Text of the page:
Paraphrased from the magmawiki.
Dwarves are "intelligent", alcohol-dependent, humanoid creatures. They are well known for their stout physique and prominent beards (on the males), which begin to grow from birth; dwarves are stronger, shorter, stockier, and hairier than the average human, and have a heightened sense of their surroundings. Dwarves live in elaborate underground fortresses carved from the mountainside, are naturally gifted miners, metalsmiths, and stone crafters, and value the acquisition of wealth and rare metals above all else.
Dwarven civilizations typically form peaceful, trade-based relationships with humans and elves, but are bitter enemies with goblins. Dwarven babies become children one and a half years after birth, grow up to become adults at their twelfth birthday, and live to be around 150-170 years of age.
Well-trained dwarves are a menace in combat; they are the only race that can enter a martial trance when beset by multiple foes, granting them a major combat advantage, and their emphasis on mining and metalworking ensures access to the best arms and armor. While they can and do field (sometimes) capable cavalry, thier stature often results in them still being considerably poor riders compared to humans and the slightly taller goblin, and they also consider mentioning their diminutive stature an insult. But this does also ensure they tend to have the best trained and equipped foot soldiers available.
In their fortresses and mountain halls they have accumulated treasures of gold, silver, and precious stones, and pass their time fabricating costly weapons and armor. They are famed miners and smiths, although, like humans, they can specialise in any number of trades. Generally shorter than humans, they are on average stockier and hairier, and usually sport full beards. Though slow runners and poor riders, dwarves are excellent warriors and defenders of their strongholds.
Morally speaking, dwarven ethics most closely resemble human and elven ethics. Dwarves find the devouring of dead enemies unthinkable, and will not butcher or consume intelligent beings. They are entirely opposed to torture of any sort for any reason. Dwarves tolerate animal trophies but shun those who keep trophies of sapient beings, and find those who keep trophies of other dwarves appalling. Dwarves find the killing of animals, enemies and plants completely acceptable. An exception to this is the killing of neutral beings, which is sanctioned as long as the killing had been officially ordered. A dwarf found to have participated in assault, theft, trespassing or vandalism will be seriously punished; some crimes such as killing other dwarves, breaking oaths, slavery and treason are punishable by death. On the other hand, lying is considered a personal matter.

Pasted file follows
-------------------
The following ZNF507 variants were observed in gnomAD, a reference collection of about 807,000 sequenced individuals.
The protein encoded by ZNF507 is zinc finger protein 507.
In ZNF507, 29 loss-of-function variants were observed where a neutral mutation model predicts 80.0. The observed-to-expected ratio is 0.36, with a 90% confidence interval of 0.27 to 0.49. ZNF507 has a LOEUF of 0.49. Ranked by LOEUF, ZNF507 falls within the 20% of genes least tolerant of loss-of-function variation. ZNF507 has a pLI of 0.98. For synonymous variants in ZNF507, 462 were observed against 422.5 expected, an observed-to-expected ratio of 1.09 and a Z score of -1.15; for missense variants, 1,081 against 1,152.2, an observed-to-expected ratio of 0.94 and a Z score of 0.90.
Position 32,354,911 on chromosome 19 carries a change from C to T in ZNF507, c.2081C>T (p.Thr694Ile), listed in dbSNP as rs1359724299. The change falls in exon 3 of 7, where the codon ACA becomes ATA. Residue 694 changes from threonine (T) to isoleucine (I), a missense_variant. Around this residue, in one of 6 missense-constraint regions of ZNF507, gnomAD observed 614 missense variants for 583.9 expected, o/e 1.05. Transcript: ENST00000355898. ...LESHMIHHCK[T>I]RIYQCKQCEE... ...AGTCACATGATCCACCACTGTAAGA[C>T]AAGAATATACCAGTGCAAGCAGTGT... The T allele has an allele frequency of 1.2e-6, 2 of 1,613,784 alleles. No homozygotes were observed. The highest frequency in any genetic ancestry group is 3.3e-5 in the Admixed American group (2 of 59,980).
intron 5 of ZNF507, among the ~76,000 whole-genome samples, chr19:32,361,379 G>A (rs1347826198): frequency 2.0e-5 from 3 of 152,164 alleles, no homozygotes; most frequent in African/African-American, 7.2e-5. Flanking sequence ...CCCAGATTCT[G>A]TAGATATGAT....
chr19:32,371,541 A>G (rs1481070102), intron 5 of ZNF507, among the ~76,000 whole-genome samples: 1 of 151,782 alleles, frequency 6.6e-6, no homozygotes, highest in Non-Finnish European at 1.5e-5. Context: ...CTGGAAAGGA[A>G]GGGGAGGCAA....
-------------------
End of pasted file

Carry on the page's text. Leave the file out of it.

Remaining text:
Dwarves have accumulated a reputation for being slow-witted. The instances of dwarven stupidity are numerous; examples include dodging into thin air (off of cliffs and into rivers), never accounting for water flow (and being swept off of waterfalls to a watery grave a hundred feet below), always taking the easy paths (even through a pond poisoned with toxic forgotten beast blood), building constructions from the wrong side (trapping themselves within), digging out the floor one is was standing on, wandering off to do dangerous things (collecting webs when a giant cave spider is visibly lurking), and generally disregarding dangerous circumstances (carrying back friendly corpses even when the goblins that have rendered them horizontal are a mere two feet away).
The problem is further compounded by dwarven touchiness; they easily become depressed, throwing tantrums that spiral out of control for what seem like minor reasons (e.g. a temporary lack of unworn socks). This inevitably leads to the overseers' emphasis of the "dwarfy": failsafe design, machinery in place of dwarfpower, fun with magma, seizing control of the environment, killing all the cute fuzzy animals, strip mining the whole place hollow, etc. It is a great insult to be called an elf, implying that the dwarf is apt to sit around and gaze at trees, living in the world rather than bending it to their will.